Wednesday, September 28, 2005

Pipe-weed, et cetera

There is another thing about the Hobbits of old that must be mentioned, an astonishing habit: they imbibed or inhaled, through pipes of clay or wood, the smoke of the burning leaves of a herb, which they called pipe-weed or leaf, a variety probably of Nicotiana. A great deal of mystery surrounds the origin of this peculiar custom, or 'art' as the Hobbits preferred to call it.
-From the introduction to The Lord of the Rings: Concerning Pipe-weed

I've bought a pipe. It's been a long time coming, this purchase. I've enjoyed cigars for some time, albeit on somewhat rare occasions. This hobby, however, does not quite agree with my present economic situation. Pipe smoking, on the other hand, is a little cheaper. Besides, there's something alluring and artful about the experience of sitting in a nice lounge chair and smoking a nice pipe. Of course, here at the seminary, I'm consigned to an outdoor courtyard with poor lighting when I engage in this behavior, so it loses some of its mystique, as I cannot exactly curl up next to a fire with a volume of Dickens. Nonetheless, I can sit there and wax philosophical with my fellows, wisecracking in a pretentious Chestertonian idiom.

It has been pointed out to me already by concerned parties that this is an "unhealthy habit." I presume that they’re talking about smoking, and not quoting Chesterton. Although, depending on where you are, the latter is probably a lot more hazardous to your health (e.g., a NOW conference or an Ecumenical meeting). However, (a) it’s not a habit – yet; and, (b) I don’t foresee a cause for canonization in my future, so to embrace what might be regarded a small vice wouldn’t be all that objectionable to me anyway. The defense rests.

In other news, I have been exploring the possibilities of starting a club here to celebrate the literary and philosophical prowess of what I call the first and second Oxford movements. The former is the Oxford movement, properly speaking, and the latter is, I think, a direct result of it – namely, the 20th Century Christian literary Renaissance of Belloc, Chesterton, Eliot, Lewis, Tolkien, et al. I need a name for the club. And a less confounding way of describing it, because right now it's too vague. I guess, in a way, we'd be tracing the cultural implications over two centuries of (quasi-)Catholic literature and discussing the import of artistic expression and social activity for the modern Church. I don't think enough consideration is given to this matter nowadays. There aren't many great literary figures left in the world, but among the few who merit attention, there are none with the in-your-face religious bent of the Chesterbellocs of old.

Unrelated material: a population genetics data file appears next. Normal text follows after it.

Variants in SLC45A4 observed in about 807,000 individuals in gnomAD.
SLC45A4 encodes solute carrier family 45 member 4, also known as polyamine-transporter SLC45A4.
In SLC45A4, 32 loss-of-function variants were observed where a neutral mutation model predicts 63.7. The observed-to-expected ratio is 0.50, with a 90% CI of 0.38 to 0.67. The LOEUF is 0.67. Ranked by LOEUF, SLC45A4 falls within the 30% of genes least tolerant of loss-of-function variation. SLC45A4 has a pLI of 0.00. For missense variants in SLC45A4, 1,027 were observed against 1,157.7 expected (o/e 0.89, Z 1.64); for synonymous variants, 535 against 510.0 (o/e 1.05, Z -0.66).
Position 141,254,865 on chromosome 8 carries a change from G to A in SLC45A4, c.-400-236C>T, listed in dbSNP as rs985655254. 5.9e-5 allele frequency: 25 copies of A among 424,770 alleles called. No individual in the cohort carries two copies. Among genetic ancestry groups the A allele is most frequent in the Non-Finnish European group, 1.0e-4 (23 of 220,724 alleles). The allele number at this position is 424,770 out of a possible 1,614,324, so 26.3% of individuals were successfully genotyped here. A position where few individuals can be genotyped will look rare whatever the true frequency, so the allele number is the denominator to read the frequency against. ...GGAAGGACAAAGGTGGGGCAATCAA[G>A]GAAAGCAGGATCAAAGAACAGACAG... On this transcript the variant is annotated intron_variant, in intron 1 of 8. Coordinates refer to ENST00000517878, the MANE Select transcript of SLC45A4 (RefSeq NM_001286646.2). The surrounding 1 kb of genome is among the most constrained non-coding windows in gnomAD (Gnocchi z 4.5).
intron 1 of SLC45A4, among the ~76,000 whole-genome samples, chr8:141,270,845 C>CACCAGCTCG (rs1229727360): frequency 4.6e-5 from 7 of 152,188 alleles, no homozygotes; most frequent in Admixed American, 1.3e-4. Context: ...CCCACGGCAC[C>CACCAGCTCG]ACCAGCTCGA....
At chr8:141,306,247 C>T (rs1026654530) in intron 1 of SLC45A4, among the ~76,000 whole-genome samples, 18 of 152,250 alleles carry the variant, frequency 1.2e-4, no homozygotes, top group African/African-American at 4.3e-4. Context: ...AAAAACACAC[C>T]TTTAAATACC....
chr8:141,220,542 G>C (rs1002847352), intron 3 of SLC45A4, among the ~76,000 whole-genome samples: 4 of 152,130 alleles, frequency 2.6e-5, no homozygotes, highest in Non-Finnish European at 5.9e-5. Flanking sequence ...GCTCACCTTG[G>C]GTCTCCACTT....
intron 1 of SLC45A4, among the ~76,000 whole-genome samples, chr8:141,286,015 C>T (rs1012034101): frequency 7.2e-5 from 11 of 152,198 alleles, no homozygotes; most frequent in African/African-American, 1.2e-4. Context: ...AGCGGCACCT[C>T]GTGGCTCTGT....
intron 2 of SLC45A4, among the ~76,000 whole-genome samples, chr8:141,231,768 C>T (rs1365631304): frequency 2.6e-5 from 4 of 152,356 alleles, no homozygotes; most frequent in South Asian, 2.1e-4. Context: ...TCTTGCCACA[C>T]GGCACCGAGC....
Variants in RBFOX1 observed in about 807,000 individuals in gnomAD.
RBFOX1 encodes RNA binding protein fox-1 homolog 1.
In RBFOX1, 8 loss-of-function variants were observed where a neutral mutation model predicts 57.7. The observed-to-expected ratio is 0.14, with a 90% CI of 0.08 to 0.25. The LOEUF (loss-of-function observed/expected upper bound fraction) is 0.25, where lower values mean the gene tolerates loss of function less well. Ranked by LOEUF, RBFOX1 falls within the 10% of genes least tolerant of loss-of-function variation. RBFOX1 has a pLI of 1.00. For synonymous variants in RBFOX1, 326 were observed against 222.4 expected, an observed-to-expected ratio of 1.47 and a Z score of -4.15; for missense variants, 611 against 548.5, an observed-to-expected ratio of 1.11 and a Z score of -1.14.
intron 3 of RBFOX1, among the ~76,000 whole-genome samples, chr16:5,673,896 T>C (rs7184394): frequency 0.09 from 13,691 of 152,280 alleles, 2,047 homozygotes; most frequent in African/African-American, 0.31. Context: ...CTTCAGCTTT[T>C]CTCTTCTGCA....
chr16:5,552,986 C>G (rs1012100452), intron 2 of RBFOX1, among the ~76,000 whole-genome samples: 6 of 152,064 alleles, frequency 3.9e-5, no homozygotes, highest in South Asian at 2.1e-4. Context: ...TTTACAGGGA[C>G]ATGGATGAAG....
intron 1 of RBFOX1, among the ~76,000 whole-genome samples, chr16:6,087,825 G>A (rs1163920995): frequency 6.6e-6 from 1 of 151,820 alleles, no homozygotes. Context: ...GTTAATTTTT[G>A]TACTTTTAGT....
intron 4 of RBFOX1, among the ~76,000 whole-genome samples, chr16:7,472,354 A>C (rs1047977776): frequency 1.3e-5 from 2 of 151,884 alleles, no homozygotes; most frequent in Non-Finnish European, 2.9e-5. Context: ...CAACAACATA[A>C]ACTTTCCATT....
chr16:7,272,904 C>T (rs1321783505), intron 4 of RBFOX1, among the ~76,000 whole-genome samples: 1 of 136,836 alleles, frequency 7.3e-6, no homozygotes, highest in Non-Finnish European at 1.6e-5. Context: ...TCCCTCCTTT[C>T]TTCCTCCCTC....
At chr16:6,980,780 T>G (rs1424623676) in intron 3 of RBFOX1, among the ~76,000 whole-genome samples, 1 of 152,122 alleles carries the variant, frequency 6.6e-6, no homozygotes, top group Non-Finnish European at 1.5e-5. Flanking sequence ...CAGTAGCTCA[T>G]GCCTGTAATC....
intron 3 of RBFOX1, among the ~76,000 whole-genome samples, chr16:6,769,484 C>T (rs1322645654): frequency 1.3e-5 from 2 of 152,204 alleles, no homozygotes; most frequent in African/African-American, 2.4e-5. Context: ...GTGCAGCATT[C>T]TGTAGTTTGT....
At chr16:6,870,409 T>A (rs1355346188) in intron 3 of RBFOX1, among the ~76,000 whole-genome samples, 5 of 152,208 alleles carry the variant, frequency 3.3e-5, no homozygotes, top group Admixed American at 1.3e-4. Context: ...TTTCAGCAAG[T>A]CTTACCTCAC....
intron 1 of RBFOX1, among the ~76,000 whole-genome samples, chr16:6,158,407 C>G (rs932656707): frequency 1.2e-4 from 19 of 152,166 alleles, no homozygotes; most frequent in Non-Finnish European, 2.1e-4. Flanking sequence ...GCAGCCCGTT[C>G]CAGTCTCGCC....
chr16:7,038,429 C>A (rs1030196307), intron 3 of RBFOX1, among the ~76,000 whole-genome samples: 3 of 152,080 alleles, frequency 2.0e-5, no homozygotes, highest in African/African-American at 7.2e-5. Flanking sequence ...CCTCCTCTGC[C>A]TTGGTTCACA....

Anyway, as always, suggestions are welcome.

Tuesday, September 27, 2005

Et cetera


I picked up Arroyo's book this weekend in the local Borders, consumed by a moment of weakness. The book is actually quite good. I haven't read any in the past two days, but by Sunday evening I had already torn through the first half. Arroyo isn't exactly the biographer par excellance - he commits writing foibles that can be quite annoying and interrupt the flow of the narrative. The editing of the book is a little slipshod too. Some non-sentences and incomplete thoughts seem to have been simply missed. But, what he lacks in skill as a biographer (not as a writer, overall, mind you - his command of the language is otherwise inspiring) he makes up for with sincerity. And besides, the story itself is fascinating enough to keep one turning the page.

In other news, our Diocesan Pilgrimage is coming up on Wednesday. Please pray for its success. I'm looking forward to it, and hope to post as soon as I can in more detail about the affair and other miscellany with which I have been occupied here at the seminary. Sorry about my recent low output. Mea culpa.

Thursday, September 22, 2005

A Really Roundabout Way of Expressing Something I Need to Say

I lingered before her stall, though I knew my stay was useless, to make my interest in her wares seem the more real. Then I turned away slowly and walked down the middle of the bazaar. I allowed the two pennies to fall against the sixpence in my pocket. I heard a voice call from one end of the gallery that the light was out. The upper part of the hall was now completely dark.